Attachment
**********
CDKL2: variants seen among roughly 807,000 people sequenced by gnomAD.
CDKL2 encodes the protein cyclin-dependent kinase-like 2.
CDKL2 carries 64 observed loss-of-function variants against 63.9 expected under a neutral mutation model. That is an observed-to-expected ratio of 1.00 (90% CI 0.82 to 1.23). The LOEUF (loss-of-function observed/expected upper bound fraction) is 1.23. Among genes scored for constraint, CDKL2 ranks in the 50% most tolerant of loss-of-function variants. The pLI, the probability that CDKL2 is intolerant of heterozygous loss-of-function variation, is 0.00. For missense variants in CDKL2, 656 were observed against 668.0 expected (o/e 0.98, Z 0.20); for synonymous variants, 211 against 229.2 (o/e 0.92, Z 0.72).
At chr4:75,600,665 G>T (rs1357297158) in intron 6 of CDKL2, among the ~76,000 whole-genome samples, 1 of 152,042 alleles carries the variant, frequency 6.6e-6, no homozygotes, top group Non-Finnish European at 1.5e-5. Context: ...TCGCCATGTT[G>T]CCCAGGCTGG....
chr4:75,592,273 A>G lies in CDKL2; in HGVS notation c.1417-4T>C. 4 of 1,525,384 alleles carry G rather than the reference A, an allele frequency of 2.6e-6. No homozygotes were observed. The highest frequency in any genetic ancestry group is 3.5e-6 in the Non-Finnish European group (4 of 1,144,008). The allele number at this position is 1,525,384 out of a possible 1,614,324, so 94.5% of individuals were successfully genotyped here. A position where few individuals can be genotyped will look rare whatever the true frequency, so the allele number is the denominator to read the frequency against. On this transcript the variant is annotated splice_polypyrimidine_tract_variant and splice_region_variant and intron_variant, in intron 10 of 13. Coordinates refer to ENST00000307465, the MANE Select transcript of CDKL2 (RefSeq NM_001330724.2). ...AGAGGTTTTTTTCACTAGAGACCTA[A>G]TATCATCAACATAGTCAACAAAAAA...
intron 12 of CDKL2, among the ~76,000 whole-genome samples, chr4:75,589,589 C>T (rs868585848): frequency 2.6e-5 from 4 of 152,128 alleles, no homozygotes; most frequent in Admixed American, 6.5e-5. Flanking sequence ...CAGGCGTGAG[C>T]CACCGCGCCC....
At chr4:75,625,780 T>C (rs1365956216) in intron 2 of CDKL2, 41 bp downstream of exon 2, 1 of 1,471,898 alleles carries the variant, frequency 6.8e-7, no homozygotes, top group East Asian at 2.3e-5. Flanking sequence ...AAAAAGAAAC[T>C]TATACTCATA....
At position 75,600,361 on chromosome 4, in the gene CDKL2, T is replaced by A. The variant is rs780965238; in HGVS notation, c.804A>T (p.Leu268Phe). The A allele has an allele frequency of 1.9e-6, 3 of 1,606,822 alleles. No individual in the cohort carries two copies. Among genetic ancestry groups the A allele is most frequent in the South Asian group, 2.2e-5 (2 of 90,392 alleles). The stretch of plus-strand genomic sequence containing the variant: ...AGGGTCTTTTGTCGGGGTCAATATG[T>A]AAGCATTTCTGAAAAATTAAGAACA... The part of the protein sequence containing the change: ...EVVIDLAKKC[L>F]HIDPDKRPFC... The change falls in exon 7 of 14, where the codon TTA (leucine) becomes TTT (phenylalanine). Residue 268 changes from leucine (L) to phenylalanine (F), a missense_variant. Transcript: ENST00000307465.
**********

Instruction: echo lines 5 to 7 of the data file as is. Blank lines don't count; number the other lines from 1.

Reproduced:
chr4:75,592,273 A>G lies in CDKL2; in HGVS notation c.1417-4T>C. 4 of 1,525,384 alleles carry G rather than the reference A, an allele frequency of 2.6e-6. No homozygotes were observed. The highest frequency in any genetic ancestry group is 3.5e-6 in the Non-Finnish European group (4 of 1,144,008). The allele number at this position is 1,525,384 out of a possible 1,614,324, so 94.5% of individuals were successfully genotyped here. A position where few individuals can be genotyped will look rare whatever the true frequency, so the allele number is the denominator to read the frequency against. On this transcript the variant is annotated splice_polypyrimidine_tract_variant and splice_region_variant and intron_variant, in intron 10 of 13. Coordinates refer to ENST00000307465, the MANE Select transcript of CDKL2 (RefSeq NM_001330724.2). ...AGAGGTTTTTTTCACTAGAGACCTA[A>G]TATCATCAACATAGTCAACAAAAAA...
intron 12 of CDKL2, among the ~76,000 whole-genome samples, chr4:75,589,589 C>T (rs868585848): frequency 2.6e-5 from 4 of 152,128 alleles, no homozygotes; most frequent in Admixed American, 6.5e-5. Flanking sequence ...CAGGCGTGAG[C>T]CACCGCGCCC....
At chr4:75,625,780 T>C (rs1365956216) in intron 2 of CDKL2, 41 bp downstream of exon 2, 1 of 1,471,898 alleles carries the variant, frequency 6.8e-7, no homozygotes, top group East Asian at 2.3e-5. Flanking sequence ...AAAAAGAAAC[T>C]TATACTCATA....